My mother was very left-wing and thought the workers should rise up and take over all the businesses. Even at fifteen years of age I thought she was foolish to say the least.
My leanings were to the Labour party but I was a working lad (I was well under fifteen when I left school) so I sat down and tried to reason things through. Everyone at Labour meetings were constantly going on about helping the working man and decrying “evil business”.
I decided to attend a few Conservative meetings and there I didn’t hear a lot about the working man, but I did learn that they were the party to help businesses to grow. I also met some “Young Conservatives” and learned a lot from them. Yes, there were a few “Hooray Henrys” there, but on the whole I found the arguments good common sence.
I mean, I wanted a country with plenty of jobs. I wanted a Government who helped businesses grow. I didn’t want to work for the government as I saw how working in the Civil Service tended to destroy the souls of the few I know who were Civil Servants.
I reasoned that the Conservatives would be the ones who would put in place a formula to create jobs so I voted for them. And, although – in general – I wasn’t too happy about it, I voted for them time and time again as all I was interested in were jobs! This carried on until I saw what had been done by their taking us into the EU.
Now I have decided that I would never vote Conservative again until everyone now an MP who voted for any of the treaties or for any bill that took us in further, was dead and buried. As I am now 65 I would hazard a guess that I will never vote Conservative again. I feel so strongly about this that if Edward Heath is buried, rather than cremated, I would have to restrain myself from urinating on his grave!
The Labour party that my mother voted for is no more. And neither is the Conservative Party that I last voted for anything like the party I joined in the late fifties.
I switched my allegiance to the UK Independence Party and became very disillusioned with them when certain elements started taking control of the party. The main contender having been photographed more than once with high-ups in the National Front (or whatever they call themselves these days).
I have switched to Veritas and can live with Kilroy–Silk’s tan – I would also have one if I had a villa in Spain! I liked his track record, especially only taking nineteen days to build up the UK Independence Party so that they increased their MEPs from three to twelve!
Two journalists did research on him when he was a Labour Party MP and, to give them their due, when they found there was nothing to trap him with, they did admit that his (K-S) views have been consistant for the last few decades. That is a politician I can vote for.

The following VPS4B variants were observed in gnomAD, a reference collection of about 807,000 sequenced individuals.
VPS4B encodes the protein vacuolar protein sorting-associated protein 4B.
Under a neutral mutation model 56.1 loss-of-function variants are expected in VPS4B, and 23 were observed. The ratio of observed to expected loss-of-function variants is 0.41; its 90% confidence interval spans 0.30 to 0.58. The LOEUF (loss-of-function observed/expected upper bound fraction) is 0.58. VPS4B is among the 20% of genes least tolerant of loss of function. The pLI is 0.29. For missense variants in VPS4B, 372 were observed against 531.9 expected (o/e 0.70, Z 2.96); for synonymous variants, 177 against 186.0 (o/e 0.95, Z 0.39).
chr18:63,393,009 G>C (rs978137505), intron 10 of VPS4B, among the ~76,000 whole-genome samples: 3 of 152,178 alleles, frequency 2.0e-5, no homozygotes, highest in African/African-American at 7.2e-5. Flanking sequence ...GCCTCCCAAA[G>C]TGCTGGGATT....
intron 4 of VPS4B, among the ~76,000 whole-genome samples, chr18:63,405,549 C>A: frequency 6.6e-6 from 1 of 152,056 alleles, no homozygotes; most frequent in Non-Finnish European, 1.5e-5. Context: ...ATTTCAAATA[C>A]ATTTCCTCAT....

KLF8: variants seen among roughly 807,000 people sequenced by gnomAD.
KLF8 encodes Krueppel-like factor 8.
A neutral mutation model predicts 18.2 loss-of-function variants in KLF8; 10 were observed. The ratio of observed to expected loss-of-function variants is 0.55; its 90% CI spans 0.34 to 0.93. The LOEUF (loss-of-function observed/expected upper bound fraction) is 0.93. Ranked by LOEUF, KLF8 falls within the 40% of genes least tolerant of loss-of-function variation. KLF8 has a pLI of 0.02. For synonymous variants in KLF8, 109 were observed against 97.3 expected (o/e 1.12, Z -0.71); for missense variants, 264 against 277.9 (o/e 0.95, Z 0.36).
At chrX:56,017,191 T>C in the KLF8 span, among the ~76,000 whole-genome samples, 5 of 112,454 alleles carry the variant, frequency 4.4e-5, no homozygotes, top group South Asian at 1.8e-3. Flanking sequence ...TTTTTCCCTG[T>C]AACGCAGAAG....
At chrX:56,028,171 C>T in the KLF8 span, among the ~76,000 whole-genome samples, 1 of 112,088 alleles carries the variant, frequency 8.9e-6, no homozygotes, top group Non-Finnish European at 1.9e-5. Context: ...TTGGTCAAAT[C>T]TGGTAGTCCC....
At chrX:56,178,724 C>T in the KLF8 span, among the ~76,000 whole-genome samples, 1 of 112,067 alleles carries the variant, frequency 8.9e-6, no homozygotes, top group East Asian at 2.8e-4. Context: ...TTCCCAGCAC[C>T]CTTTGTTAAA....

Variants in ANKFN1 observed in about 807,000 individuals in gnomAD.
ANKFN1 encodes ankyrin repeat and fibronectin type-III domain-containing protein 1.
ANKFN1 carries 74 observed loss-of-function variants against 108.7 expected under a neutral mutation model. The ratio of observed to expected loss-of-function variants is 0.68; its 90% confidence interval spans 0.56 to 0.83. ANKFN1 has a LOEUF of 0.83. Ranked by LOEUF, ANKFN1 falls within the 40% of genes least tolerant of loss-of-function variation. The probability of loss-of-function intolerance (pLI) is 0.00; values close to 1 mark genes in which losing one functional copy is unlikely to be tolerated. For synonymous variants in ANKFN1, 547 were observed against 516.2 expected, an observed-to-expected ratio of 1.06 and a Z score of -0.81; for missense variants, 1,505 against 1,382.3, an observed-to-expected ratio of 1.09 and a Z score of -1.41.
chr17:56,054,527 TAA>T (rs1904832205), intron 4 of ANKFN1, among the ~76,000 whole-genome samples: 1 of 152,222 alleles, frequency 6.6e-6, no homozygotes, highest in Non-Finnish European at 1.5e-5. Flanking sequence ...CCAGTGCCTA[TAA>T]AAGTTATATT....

I hope, however, that he will look carefully at what is important for the ordinary man in the street. This is “Jobs” and the education to be able to get them! But unlike both New Labour and the New Conservatives, not help the huge corporations who look only for profits and have no interest in the welfare of our country, or in fact, any country.
Please, Mr Kilroy-Silk, help the smaller companies shed their barrel-load of red tape. Put in place a scheme where the highest number of jobs are taken for the previous year, and any extra workers over that “high” number employed the following year do not attract any Employers NI for a year, or even longer. Have a ceiling of 100 or even 200 employees where this no longer applies. Once they go over the threshold of employees they are too large to need the taxpayers helping hand and are on their way to being a Corporate! This will create extra jobs in all industries, and of all types, throughout the land!
And please help lower paid individuals to save. Simplify ISA’s or whatever they have now. Or do away with them. Alter tax breaks so workers can save for retirement in portable pension plans, getting 100% tax relief on their savings providing they save at least 10% of their salary every month.
This will not only provide a country of happy retired people, but the money saved can be used to create more prosperity in our islands.
On the whole I am not eager to promote private education, neither do I rest easily with private health care. But there are two important considerations here.
First, education. The government claim that comprehensive schools are every bit as good as public schools. But the perception, especially of employers, is very different. This means that public schoolchildren get the cream of the jobs every time. Some tax incentive to help working class parents send their children to public school may help ensure that working class children get and hold down the better positions in life.
Secondly there is health care. No matter how much the “Left” scream“priviledge”, people with “health care insurance” do ease the pressure from the National Health. However, unlike education, here I would suggest both a carrot and a stick. A carrot for the voter, tax relieve on his “health care” insurance, and a stick for the powerful “health care” corporations, a swinging tax if they don’t have proper training schemes for nurses and doctors. Make them do their fair share of training so the public can see they are not stealing employees from our National Health Service. If you help them by offering to help their customers, you can have the moral authority to punish them for stealing our doctors and nurses!
These are radical ideas, but they could be vote winners. Also, it should be born in mind that these are just brainstorming ideas. If they help in enabling policy makers to come up with better policies, then great!